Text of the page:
Route of immunization
The effect of the route of administration upon the efficacy of the vaccine of the invention was examined in the mouse infection model. Six to eight week-old female specific pathogen free (SPF) Swiss-Webster mice were immunized with 200 μg recombinant H. pylori urease, either with or without 0.24M NaHCO3. The recombinant urease was co-administered with 10 μg of cholera toxin (CT) as a mucosal adjuvant in all animals. Intragastric (IG) immunization was performed by delivering the antigen in 0.5 ml through a 20-gauge feeding needle to anesthetized animals. Oral immunization was performed by delivering the antigen in a 50 μl volume via a pipette tip to the buccal cavity of unanesthetized animals. For parenteral immunization, mice received 10 μg recombinant urease subcutaneously. Freund's complete adjuvant was used in the first subcutaneous immunization and Freund's incomplete adjuvant was used in subsequent boosters. For all routes of administration, a total of four doses of vaccine were administered at seven day intervals. Mice were challenged with 107 H. felis two weeks after the final vaccine dose, and necropsied two weeks after challenge. Gastric H. felis infection was detected by urease activity and histology. Protection in an individual mouse was defined by a negative urease assay and by a 0 or 1+ bacterial score by histology.
Oral and intragastric administration of recombinant urease provided significant protection to challenge with H. felis (86-100%) (Table 1). Oral administration was effective both with and without co-administration of NaHCO3 with the recombinant urease. Intragastric administration was more effective when the recombinant urease was co-administered with NaHCO3. Parenteral injection of the vaccine antigen was least effective. Immunized mice had significantly lower numbers of bacteria in gastric tissue after challenge than unimmunized controls. IgA antibody responses in serum and secretions were highest in mice immunized by the oral route. IgA antibodies were not elicited by parenteral immunization.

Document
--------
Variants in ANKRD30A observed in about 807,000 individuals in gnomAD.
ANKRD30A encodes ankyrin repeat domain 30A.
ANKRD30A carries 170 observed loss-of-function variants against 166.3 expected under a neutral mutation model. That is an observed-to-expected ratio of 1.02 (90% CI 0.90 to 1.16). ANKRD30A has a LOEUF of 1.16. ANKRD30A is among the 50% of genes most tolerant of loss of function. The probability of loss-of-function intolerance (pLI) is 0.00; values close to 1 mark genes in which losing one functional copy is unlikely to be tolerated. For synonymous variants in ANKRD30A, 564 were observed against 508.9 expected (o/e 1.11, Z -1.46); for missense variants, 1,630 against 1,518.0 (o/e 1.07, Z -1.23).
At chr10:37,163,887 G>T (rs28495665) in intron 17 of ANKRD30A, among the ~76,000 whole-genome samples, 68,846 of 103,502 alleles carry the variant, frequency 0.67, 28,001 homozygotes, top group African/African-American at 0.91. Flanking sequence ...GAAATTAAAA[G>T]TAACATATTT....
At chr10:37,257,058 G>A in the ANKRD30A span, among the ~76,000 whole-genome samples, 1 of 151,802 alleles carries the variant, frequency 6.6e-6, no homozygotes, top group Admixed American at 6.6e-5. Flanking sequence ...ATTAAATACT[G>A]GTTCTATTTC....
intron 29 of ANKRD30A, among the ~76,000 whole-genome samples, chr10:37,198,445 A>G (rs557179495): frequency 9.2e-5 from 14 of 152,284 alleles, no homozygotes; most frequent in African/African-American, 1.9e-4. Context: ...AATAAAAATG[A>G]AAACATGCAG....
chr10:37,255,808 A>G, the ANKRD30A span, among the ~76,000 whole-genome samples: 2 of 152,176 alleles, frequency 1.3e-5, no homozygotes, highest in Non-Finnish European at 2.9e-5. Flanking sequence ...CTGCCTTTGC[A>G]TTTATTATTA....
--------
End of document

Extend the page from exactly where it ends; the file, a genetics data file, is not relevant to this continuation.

TABLE 1__________________________________________________________________________Recombinant H. pylori urease protects mice from challengewith H. felis after mucosal but not parental immunization % PROTECTED (# PROTECTED/TOTAL) ROUTE OF UREASEVACCINE IMMUNIZATION ADJUVANT BICARBONATEa ASSAY HISTOLOGYb__________________________________________________________________________PBS oral CT No 0 (0/8) 0 (0/7)200 μg rUre oral CT No 100 (8/8)* 100 (7/7)*200 μg rUre oral CT Yes 100 (7/7)* 86 (6/7)*200 μg rUre intragastric CT No 75 (6/8)* 38 (3/8)200 μg rUre intragastric CT Yes 100 (7/7)* 100 (7/7)* 10 μg rUre subcutaneous Freund's NA 38 (3/8) 25 (2/8)__________________________________________________________________________ a 0.24 M sodium bicarbonate was administered with vaccine and adjuvant. b Percent protected (number mice with 0-1+ bacterial score/number tested). *p < 0.01, Fisher's exact test, compared to mice given CT alone.